In summary, the digitizing tablet has enabled the characterization of multiple between- and within-test metrics of TMT performance (SPL, average link speed, non-linking period, and linking period) that provide more insight than the traditional method of scoring the test using completion time.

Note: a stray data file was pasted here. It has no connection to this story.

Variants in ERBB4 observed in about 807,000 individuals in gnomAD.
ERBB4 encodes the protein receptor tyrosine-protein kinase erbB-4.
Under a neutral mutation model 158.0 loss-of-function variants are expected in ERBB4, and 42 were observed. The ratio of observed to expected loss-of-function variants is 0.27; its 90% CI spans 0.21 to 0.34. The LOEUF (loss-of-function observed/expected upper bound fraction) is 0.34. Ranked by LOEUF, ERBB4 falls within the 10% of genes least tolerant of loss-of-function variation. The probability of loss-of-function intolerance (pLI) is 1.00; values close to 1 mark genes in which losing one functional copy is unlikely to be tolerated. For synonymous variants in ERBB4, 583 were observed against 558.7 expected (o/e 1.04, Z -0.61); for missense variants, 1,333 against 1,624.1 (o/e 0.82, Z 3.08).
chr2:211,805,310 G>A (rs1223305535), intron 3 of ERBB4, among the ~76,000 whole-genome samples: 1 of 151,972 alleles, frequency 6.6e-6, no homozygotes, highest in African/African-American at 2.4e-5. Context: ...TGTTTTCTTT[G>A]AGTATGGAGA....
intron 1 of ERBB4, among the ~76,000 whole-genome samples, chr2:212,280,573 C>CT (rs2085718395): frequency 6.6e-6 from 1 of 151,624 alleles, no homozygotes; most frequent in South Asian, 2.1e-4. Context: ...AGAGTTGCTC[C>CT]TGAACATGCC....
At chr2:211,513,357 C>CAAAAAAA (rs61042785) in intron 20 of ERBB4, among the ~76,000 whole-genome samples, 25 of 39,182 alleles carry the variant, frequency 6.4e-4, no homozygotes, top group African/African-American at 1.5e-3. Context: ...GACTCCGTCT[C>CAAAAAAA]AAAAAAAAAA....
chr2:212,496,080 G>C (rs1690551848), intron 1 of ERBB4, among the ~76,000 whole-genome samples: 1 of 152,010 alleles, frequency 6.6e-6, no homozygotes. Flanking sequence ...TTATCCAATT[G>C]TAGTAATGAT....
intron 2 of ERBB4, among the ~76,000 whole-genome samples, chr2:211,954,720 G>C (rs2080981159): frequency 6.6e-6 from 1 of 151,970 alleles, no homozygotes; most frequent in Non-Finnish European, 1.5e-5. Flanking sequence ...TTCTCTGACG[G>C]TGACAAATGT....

These results are specific to the population studied: young healthy adults. It may be that one of the metrics, or another not yet derived from the tablet data, is particularly sensitive and specific for characterizing patients with deficits in certain aspects of brain function. For instance, patients with traumatic brain injuries may experience difficulties in sustained attention, and set switching, leading to elevated non-link periods and larger effect size between TMT parts for this measure. Supporting the use of tablet-derived behavioral metrics, another commonly used NPT - the Clock Drawing Test - has been shown to have improved diagnostic accuracy and detection sensitivity in patients with early dementia and mild cognitive impairment when implemented on a tablet, and quantified using a “time-in-air” metric (defined as the stylus transition time from completing one stroke to starting the next without contacting the tablet surface) (Müller et al., 2017). Tablet-based NPTs are also amenable in principle to a data-driven approach to discriminate populations with different brain health characteristics, rather than using the a priori definition of specific kinematic variables.